From the point of the inception of a franchise, the objective of the franchisor is to build its network. The key focus is on franchisee recruitment and their training, launch and development because each recruit brings with it a tranche of new money, increased network sales and, therefore, increased management services fee revenue and brand presence. By Derrick Simpson, founder of Franchise Resales.
This is, of course, how it has to be because it is only with an established network that the franchisor can recoup the true benefits and economies of scale of operating a business in this fashion – hands off from the end user. That’s fine and just how it should be, but after a while, and sometimes a very short while, there will be the requirement to address the issue of franchisees wishing to sell on their businesses.
How then does this fit into the structured recruitment machine the franchisor has been operating? How does it advise its franchisee what to do? Should it even be bothered to become involved in the process, and does the franchisee have the right to sell to another individual anyway?
In the early days of franchising, this whole subject was fairly taboo with a certain amount of stigma attaching itself to the word “resales” as it seemed to imply a failure of some kind. Even as recently as five years ago there was only a handful of franchisors, who had in place a process that allowed their franchisees to sell on with any form of certainty about what they were doing.
These enlightened franchisors had documentation and systems in place so the franchisee could look to them for advice and support at this challenging time, just as they had always done on operational matters during their launch and lifetime as a franchisee.
We now have a franchise industry that is maturing and, whilst we see new franchised brands being established each year, there is a growing number of franchise systems approaching maturity and some whose networks are full as regards new recruits for new territories/locations.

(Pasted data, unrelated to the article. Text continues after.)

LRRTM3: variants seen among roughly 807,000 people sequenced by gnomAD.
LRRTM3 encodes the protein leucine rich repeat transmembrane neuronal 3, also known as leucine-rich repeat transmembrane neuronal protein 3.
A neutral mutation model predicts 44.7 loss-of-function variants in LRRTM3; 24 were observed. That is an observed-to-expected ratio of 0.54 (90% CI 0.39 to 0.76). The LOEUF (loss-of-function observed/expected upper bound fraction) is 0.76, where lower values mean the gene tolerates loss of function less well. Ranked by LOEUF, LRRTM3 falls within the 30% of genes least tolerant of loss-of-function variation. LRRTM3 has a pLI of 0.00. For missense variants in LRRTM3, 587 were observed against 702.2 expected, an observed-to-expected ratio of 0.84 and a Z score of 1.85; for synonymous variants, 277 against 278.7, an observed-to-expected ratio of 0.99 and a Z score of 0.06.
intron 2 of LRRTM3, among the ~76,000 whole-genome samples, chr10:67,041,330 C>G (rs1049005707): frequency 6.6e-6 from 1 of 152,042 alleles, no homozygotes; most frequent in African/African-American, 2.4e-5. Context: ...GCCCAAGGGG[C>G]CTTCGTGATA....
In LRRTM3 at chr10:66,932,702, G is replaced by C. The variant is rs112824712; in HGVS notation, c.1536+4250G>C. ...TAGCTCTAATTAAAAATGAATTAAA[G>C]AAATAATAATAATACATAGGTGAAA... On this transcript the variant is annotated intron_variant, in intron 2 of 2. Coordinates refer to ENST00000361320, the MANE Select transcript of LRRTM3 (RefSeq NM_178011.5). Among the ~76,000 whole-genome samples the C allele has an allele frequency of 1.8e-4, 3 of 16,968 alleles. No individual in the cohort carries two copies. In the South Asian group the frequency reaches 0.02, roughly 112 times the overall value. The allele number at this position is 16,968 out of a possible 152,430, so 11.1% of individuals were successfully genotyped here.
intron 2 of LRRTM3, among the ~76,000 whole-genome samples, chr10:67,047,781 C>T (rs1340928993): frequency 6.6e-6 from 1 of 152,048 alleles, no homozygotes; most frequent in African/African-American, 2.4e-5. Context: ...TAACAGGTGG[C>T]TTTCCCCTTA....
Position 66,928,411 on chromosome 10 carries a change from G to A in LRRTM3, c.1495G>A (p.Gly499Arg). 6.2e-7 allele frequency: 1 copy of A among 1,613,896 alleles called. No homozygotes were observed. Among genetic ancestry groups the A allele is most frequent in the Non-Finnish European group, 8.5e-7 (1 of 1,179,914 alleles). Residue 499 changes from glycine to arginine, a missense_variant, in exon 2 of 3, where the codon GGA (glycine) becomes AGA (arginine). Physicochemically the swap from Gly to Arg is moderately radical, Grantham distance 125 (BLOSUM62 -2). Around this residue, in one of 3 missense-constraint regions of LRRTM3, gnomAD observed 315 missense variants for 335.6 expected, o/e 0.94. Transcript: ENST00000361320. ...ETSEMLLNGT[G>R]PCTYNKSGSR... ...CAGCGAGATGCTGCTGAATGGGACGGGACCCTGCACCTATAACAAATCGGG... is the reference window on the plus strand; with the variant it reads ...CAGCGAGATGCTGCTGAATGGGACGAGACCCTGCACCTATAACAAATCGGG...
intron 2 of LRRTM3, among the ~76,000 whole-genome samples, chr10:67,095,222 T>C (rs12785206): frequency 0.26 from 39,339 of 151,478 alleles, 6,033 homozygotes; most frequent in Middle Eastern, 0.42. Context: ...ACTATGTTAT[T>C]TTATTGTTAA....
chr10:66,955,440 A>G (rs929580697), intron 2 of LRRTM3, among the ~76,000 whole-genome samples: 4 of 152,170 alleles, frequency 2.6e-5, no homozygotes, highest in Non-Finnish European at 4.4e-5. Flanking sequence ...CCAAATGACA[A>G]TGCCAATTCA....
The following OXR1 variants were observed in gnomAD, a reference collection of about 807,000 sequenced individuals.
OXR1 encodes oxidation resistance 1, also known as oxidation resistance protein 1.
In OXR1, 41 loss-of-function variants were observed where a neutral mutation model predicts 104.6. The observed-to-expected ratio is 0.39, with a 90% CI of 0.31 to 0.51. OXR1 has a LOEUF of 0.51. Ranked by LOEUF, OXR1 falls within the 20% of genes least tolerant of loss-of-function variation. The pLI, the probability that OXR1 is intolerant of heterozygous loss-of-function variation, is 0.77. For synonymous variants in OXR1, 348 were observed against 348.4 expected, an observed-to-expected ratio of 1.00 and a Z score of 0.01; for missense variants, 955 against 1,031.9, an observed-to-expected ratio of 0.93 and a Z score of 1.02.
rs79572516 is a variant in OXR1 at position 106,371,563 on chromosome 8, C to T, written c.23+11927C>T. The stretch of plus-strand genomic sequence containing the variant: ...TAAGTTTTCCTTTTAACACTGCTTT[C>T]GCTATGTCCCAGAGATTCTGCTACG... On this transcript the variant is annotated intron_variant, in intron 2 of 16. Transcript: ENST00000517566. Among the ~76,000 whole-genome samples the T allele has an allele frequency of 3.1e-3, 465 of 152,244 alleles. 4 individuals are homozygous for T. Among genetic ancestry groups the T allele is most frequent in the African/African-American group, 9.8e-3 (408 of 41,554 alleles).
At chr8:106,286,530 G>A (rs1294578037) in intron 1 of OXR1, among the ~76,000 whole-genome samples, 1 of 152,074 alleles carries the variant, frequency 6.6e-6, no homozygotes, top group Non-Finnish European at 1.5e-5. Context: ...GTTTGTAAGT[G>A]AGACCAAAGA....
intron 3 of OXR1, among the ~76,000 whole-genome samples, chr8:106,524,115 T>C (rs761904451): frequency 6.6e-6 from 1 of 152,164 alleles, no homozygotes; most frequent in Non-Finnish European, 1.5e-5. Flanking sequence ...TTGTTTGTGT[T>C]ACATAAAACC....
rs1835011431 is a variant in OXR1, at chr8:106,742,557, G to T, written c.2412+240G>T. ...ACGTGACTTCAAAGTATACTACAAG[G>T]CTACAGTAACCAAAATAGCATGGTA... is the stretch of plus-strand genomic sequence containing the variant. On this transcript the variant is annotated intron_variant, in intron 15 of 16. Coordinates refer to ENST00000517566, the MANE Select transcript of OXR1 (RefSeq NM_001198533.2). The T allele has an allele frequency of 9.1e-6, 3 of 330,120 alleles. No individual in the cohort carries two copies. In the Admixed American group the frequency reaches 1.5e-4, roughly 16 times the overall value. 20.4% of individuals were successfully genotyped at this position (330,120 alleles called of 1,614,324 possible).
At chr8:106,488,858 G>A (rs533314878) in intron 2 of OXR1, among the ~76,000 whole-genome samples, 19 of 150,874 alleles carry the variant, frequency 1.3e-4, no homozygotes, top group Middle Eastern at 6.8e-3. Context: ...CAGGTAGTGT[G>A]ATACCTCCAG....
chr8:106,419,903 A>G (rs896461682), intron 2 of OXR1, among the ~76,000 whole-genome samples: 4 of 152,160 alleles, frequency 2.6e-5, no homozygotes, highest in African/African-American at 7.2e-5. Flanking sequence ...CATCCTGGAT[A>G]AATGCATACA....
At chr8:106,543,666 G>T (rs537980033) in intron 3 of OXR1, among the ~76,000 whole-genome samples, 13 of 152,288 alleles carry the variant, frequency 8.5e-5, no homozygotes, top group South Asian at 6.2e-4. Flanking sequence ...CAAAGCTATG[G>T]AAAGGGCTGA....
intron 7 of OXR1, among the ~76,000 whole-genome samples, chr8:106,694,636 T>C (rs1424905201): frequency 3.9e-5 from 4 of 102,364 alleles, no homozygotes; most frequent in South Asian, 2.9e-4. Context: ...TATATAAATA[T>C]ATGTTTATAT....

For these, the selling of existing businesses is the only way forward for the particular brand. Either that, or they have to grow tangentially with the establishment of an additional brand, as opposed to expanding their current one, thus becoming a multi-brand operation.
Most established franchisors feel that to have a turnover of 10 per cent or so of their franchisees each year is vital to maintaining a healthy network as it constantly brings new blood and new energy into the business and allows the network to grow to the next level. This level of resales is considered the norm in franchise networks in the U.S. and so could also be considered as a healthy churn for a UK franchise.
Often in younger franchises and sometimes in the very early days, a franchisee will ask to sell and the franchisor is simply not geared up for this to happen. Here necessity and expediency drives the process and often causes the creation of hybrid systems that once they become embedded in a franchisor’s process can cause frustrations and problems in the future.
It matters not whether a franchise is young or mature, or still recruiting or full to capacity, the basic principles of ethical franchising mean franchisors should, as part of their operating processes, have a structured resale route available for their franchisees. This doesn’t have to be fully resourced in-house because, as with other specialist functions, it can be outsourced. It certainly doesn’t have to be a financial drain on the franchisor, nor does it have to be complicated or convoluted, it is simply a process that requires planning and implementing.
So where to start? Initially, the franchisor must ensure it has actually given its franchisees the right to be able to sell on their business; accrue a benefit from having operated the franchise; and realise the value of their efforts through a resale.